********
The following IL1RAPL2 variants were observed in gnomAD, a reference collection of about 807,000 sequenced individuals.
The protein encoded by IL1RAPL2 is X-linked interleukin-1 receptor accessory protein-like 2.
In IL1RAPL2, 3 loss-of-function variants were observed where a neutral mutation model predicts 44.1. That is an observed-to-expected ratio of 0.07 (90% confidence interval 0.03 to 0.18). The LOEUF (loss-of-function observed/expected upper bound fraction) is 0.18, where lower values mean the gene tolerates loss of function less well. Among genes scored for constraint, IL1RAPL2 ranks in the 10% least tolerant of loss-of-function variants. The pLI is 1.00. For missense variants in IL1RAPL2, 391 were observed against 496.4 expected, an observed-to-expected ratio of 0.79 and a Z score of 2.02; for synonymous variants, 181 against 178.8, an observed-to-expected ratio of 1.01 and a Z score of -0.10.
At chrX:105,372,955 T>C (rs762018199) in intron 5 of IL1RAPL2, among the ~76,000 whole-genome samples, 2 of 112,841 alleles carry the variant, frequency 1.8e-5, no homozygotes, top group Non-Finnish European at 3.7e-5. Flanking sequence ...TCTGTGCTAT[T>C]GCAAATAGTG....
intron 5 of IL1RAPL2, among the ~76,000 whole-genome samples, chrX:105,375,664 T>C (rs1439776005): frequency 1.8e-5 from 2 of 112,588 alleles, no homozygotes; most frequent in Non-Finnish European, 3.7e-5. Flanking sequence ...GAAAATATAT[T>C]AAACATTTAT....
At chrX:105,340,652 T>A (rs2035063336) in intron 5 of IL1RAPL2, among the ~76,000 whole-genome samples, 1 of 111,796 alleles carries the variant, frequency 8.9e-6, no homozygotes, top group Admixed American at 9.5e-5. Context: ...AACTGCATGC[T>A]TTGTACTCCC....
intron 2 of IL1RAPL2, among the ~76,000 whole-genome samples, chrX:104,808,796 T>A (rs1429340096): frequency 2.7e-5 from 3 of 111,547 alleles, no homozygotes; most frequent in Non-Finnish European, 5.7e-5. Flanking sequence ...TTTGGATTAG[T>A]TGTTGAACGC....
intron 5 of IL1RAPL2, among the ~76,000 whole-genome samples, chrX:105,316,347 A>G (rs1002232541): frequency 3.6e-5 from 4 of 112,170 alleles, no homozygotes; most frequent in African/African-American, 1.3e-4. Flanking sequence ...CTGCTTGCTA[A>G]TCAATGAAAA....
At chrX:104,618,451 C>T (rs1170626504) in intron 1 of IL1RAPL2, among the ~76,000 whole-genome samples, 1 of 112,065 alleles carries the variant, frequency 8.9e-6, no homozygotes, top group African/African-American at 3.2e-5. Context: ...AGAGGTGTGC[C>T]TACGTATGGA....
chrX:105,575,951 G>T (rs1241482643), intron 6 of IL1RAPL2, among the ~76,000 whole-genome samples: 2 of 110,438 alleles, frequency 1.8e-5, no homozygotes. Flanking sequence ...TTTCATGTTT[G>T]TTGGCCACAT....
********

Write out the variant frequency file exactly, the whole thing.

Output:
The following IL1RAPL2 variants were observed in gnomAD, a reference collection of about 807,000 sequenced individuals.
The protein encoded by IL1RAPL2 is X-linked interleukin-1 receptor accessory protein-like 2.
In IL1RAPL2, 3 loss-of-function variants were observed where a neutral mutation model predicts 44.1. That is an observed-to-expected ratio of 0.07 (90% confidence interval 0.03 to 0.18). The LOEUF (loss-of-function observed/expected upper bound fraction) is 0.18, where lower values mean the gene tolerates loss of function less well. Among genes scored for constraint, IL1RAPL2 ranks in the 10% least tolerant of loss-of-function variants. The pLI is 1.00. For missense variants in IL1RAPL2, 391 were observed against 496.4 expected, an observed-to-expected ratio of 0.79 and a Z score of 2.02; for synonymous variants, 181 against 178.8, an observed-to-expected ratio of 1.01 and a Z score of -0.10.
At chrX:105,372,955 T>C (rs762018199) in intron 5 of IL1RAPL2, among the ~76,000 whole-genome samples, 2 of 112,841 alleles carry the variant, frequency 1.8e-5, no homozygotes, top group Non-Finnish European at 3.7e-5. Flanking sequence ...TCTGTGCTAT[T>C]GCAAATAGTG....
intron 5 of IL1RAPL2, among the ~76,000 whole-genome samples, chrX:105,375,664 T>C (rs1439776005): frequency 1.8e-5 from 2 of 112,588 alleles, no homozygotes; most frequent in Non-Finnish European, 3.7e-5. Flanking sequence ...GAAAATATAT[T>C]AAACATTTAT....
At chrX:105,340,652 T>A (rs2035063336) in intron 5 of IL1RAPL2, among the ~76,000 whole-genome samples, 1 of 111,796 alleles carries the variant, frequency 8.9e-6, no homozygotes, top group Admixed American at 9.5e-5. Context: ...AACTGCATGC[T>A]TTGTACTCCC....
intron 2 of IL1RAPL2, among the ~76,000 whole-genome samples, chrX:104,808,796 T>A (rs1429340096): frequency 2.7e-5 from 3 of 111,547 alleles, no homozygotes; most frequent in Non-Finnish European, 5.7e-5. Flanking sequence ...TTTGGATTAG[T>A]TGTTGAACGC....
intron 5 of IL1RAPL2, among the ~76,000 whole-genome samples, chrX:105,316,347 A>G (rs1002232541): frequency 3.6e-5 from 4 of 112,170 alleles, no homozygotes; most frequent in African/African-American, 1.3e-4. Flanking sequence ...CTGCTTGCTA[A>G]TCAATGAAAA....
At chrX:104,618,451 C>T (rs1170626504) in intron 1 of IL1RAPL2, among the ~76,000 whole-genome samples, 1 of 112,065 alleles carries the variant, frequency 8.9e-6, no homozygotes, top group African/African-American at 3.2e-5. Context: ...AGAGGTGTGC[C>T]TACGTATGGA....
chrX:105,575,951 G>T (rs1241482643), intron 6 of IL1RAPL2, among the ~76,000 whole-genome samples: 2 of 110,438 alleles, frequency 1.8e-5, no homozygotes. Flanking sequence ...TTTCATGTTT[G>T]TTGGCCACAT....